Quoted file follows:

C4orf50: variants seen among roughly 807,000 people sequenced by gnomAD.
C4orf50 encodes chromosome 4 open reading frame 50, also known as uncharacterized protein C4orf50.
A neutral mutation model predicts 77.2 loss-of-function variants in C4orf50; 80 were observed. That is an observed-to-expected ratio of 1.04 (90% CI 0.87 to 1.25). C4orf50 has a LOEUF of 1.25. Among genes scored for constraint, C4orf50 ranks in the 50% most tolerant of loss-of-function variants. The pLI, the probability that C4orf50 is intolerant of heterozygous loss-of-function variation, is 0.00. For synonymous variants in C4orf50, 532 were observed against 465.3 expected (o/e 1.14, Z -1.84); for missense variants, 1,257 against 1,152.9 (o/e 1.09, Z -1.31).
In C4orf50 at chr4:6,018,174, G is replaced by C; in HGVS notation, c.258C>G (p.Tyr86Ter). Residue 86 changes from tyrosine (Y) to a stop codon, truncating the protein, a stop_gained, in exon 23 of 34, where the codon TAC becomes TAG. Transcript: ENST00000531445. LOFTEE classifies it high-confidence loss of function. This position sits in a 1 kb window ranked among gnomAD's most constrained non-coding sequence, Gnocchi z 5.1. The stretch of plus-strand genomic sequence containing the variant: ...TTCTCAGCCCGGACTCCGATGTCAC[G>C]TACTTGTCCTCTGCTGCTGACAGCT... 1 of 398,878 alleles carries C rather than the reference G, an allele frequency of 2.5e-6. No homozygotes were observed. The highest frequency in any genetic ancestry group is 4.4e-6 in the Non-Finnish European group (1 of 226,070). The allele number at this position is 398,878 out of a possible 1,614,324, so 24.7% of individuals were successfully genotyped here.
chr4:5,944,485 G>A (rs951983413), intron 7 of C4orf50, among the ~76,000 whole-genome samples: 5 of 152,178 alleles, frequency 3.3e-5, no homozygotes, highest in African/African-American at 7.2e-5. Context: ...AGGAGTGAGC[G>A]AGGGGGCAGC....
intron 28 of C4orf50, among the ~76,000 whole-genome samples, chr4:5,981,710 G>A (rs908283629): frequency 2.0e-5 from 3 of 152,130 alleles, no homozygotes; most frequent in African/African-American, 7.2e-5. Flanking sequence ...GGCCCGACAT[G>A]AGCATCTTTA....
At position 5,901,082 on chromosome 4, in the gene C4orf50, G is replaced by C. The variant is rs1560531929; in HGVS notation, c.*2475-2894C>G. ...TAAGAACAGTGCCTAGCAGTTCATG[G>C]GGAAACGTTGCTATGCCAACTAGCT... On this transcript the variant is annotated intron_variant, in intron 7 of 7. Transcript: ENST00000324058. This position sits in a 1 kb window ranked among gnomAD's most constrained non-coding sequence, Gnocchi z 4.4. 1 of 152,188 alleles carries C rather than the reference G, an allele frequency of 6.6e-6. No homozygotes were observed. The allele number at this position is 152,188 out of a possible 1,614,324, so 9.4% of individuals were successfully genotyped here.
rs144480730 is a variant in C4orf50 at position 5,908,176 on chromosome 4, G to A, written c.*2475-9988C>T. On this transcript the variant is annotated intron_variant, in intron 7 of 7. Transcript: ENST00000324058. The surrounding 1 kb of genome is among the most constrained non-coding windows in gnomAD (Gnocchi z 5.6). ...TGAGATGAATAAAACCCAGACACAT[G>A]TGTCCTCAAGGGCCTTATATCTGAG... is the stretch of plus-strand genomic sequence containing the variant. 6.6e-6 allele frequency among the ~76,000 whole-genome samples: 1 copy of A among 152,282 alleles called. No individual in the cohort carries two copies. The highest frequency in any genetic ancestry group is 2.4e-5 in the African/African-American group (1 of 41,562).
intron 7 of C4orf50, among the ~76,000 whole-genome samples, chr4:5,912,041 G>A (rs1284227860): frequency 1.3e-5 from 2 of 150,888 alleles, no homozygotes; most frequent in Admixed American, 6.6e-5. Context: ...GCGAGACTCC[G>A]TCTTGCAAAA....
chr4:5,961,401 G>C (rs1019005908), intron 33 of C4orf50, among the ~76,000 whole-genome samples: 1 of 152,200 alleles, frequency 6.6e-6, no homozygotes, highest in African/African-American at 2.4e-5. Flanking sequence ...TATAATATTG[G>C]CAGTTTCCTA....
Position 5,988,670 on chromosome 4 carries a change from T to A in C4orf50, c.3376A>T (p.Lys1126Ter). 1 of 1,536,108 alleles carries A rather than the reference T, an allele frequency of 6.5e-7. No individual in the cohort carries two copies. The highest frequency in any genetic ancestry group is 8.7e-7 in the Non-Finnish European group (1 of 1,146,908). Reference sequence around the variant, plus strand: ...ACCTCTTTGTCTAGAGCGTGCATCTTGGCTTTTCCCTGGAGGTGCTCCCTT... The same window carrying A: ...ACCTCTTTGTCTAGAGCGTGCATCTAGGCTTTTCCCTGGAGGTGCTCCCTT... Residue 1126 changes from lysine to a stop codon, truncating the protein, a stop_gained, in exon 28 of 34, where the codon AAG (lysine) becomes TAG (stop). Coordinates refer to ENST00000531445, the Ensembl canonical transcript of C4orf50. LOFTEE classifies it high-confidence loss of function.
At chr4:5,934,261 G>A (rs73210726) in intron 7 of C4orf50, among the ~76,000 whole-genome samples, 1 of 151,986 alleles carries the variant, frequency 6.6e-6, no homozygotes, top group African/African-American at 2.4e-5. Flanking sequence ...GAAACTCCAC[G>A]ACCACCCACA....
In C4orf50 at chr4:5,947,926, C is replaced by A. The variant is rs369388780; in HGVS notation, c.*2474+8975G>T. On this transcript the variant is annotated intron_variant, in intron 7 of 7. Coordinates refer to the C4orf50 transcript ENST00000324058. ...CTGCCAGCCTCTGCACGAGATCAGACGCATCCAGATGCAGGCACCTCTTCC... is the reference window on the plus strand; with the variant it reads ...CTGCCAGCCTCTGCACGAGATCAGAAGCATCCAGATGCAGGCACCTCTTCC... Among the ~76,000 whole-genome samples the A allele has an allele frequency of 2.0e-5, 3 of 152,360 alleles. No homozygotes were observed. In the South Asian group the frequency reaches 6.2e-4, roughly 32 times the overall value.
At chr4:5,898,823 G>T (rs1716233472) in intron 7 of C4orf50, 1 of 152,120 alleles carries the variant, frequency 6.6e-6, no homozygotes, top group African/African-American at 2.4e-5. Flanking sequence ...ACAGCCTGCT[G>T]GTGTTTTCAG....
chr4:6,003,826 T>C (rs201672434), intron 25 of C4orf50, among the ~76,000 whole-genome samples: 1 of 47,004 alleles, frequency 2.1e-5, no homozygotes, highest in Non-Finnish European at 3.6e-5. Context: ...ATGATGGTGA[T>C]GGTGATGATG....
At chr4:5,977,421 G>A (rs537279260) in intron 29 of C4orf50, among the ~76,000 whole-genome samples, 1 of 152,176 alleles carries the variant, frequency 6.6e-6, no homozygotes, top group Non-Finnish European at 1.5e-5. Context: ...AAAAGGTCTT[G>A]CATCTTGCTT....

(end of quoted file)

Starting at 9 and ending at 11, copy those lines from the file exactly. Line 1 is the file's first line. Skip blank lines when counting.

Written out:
intron 7 of C4orf50, among the ~76,000 whole-genome samples, chr4:5,912,041 G>A (rs1284227860): frequency 1.3e-5 from 2 of 150,888 alleles, no homozygotes; most frequent in Admixed American, 6.6e-5. Context: ...GCGAGACTCC[G>A]TCTTGCAAAA....
chr4:5,961,401 G>C (rs1019005908), intron 33 of C4orf50, among the ~76,000 whole-genome samples: 1 of 152,200 alleles, frequency 6.6e-6, no homozygotes, highest in African/African-American at 2.4e-5. Flanking sequence ...TATAATATTG[G>C]CAGTTTCCTA....
Position 5,988,670 on chromosome 4 carries a change from T to A in C4orf50, c.3376A>T (p.Lys1126Ter). 1 of 1,536,108 alleles carries A rather than the reference T, an allele frequency of 6.5e-7. No individual in the cohort carries two copies. The highest frequency in any genetic ancestry group is 8.7e-7 in the Non-Finnish European group (1 of 1,146,908). Reference sequence around the variant, plus strand: ...ACCTCTTTGTCTAGAGCGTGCATCTTGGCTTTTCCCTGGAGGTGCTCCCTT... The same window carrying A: ...ACCTCTTTGTCTAGAGCGTGCATCTAGGCTTTTCCCTGGAGGTGCTCCCTT... Residue 1126 changes from lysine to a stop codon, truncating the protein, a stop_gained, in exon 28 of 34, where the codon AAG (lysine) becomes TAG (stop). Coordinates refer to ENST00000531445, the Ensembl canonical transcript of C4orf50. LOFTEE classifies it high-confidence loss of function.